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New Player Profiles: Lamar Odom

Lamar Odom is a heck of a basketball player. Odom, 6’10", can play basically every role in the offense, is a high-efficiency scorer, a fine defender, and an above-average rebounder.

Let’s talk about offense, first.

Last year, Odom was one of 10 non-centers to shoot over .515 from the field (.530) along with Dirk (.517) and Shawn Marion (.520). He’s also, along with Dirk, one of the only players in the top 20 of field goal percentage to do his damage from all over the court. He shot 38% from three, good for sixth among players listed at Power Forward (behind Bonner, Love, Ryan Anderson, Dirk, and Charlie Villanueva.)

Mavericks fans shouldn’t expect quite that level of efficient production. Last year was Odom’s highest three-point shooting year by a considerable margin, and he’s a 32% shooter lifetime. He also shot 70% around the basket, and has only one other season of shooting over 50% to his credit.

Although, as Jason Kidd among other has certainly demonstrated, three-point shooting is one of the few skills that can improve with age, it’s reasonable to temper expectations. Hollinger notes that Odom is a strong candidate for the "Fluke rule" which states that any player over 28 whose PER jumps 3 points or more in a season is operating at a more than 90% likelihood to return to Earth the next season. Nevertheless, Odom remains one of the best all-around players in the game, and the Mavericks would certainly take even his career field goal percentage, which is 47%.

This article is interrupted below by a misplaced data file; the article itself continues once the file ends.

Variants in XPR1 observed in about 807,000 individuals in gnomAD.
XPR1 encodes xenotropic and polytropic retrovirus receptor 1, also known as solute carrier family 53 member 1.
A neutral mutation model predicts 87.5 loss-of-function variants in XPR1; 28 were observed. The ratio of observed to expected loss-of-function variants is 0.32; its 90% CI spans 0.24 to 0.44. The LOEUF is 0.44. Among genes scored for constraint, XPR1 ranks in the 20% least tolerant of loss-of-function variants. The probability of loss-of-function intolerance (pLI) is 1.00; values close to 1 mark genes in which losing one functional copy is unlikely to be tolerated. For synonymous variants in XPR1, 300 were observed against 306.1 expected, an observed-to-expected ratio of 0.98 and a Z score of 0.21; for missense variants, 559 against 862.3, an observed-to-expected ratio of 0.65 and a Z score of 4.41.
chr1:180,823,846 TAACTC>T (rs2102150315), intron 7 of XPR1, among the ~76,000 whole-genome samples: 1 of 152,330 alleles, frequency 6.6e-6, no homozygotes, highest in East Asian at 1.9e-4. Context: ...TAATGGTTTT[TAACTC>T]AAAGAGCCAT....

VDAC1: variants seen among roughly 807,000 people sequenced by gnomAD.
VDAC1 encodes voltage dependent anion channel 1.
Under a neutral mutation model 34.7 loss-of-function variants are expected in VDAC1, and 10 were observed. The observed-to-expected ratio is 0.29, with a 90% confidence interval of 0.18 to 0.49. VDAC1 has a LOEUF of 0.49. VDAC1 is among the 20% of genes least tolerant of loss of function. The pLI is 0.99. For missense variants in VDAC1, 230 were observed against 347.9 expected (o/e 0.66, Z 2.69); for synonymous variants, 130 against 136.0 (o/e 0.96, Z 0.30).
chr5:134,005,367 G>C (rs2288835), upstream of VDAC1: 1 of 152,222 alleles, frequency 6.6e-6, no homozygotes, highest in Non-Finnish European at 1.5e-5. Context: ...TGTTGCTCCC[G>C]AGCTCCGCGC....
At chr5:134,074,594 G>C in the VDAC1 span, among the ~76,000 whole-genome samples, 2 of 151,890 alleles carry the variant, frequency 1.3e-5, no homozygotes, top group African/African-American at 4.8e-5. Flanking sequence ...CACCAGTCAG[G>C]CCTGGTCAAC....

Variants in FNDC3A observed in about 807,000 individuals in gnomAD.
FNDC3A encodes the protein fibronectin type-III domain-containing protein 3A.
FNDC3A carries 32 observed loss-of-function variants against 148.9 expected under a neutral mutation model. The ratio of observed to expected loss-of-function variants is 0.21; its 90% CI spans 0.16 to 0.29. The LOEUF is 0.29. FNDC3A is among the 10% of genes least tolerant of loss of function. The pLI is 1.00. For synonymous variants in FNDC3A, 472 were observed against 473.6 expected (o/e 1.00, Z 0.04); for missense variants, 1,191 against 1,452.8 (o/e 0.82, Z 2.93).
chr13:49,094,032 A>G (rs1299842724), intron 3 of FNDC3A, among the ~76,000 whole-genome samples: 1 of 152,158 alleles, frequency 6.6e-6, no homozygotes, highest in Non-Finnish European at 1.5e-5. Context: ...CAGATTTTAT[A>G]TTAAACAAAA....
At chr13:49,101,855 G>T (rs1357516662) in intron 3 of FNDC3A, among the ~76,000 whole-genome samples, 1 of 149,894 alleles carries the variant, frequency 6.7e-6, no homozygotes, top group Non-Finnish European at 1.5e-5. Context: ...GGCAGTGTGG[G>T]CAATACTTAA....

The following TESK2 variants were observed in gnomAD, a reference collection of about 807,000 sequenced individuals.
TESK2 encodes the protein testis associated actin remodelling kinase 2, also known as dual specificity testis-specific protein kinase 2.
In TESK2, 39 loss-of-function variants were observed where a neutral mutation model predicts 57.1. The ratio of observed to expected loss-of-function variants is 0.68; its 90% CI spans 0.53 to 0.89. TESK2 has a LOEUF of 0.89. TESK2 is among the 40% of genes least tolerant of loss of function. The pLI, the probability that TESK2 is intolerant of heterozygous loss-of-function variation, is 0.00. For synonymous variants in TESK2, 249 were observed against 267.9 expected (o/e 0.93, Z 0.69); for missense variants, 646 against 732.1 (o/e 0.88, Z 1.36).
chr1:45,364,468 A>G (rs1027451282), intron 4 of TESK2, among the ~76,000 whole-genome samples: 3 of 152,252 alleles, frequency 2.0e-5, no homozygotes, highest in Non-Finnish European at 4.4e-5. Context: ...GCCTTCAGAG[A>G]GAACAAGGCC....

On defense, Odom is a strong, physical defender and will help the Mavs against the games burlier power forwards, otherwise a weakness. He also has the strength and agility to give the Rudy Gay types some trouble, though expect Marion, as last year, to have primary defensive responsibility for those types of players. He won’t be chasing the small guards, but then, why would he?

Odom will probably see most of his minutes at the 3, backing up Shawn Marion, or with Marion backing him up, but he’s also likely to be Dirk’s primary backup at the 4, and rumor has it that the Mavs will be experimenting with both Odom and Dirk at center. In other words, expect him to be on the court quite a lot. He’s also a terrific rebounder, having grabbed 8.5 or more in 7 of the last 8 seasons.

His major weakness is probably his free throw shooting, which, lifetime, is a shade under 70%. This is more of an issue than it might seem since, given Haywood’s struggles from the line and the Mavericks propensity to get into close games, this might keep him out of the Mavs finishing lineup. Still, if he can even approximate what he did last year, for the Mavericks, Carlisle, Donnie, and the rest of us will be very happy.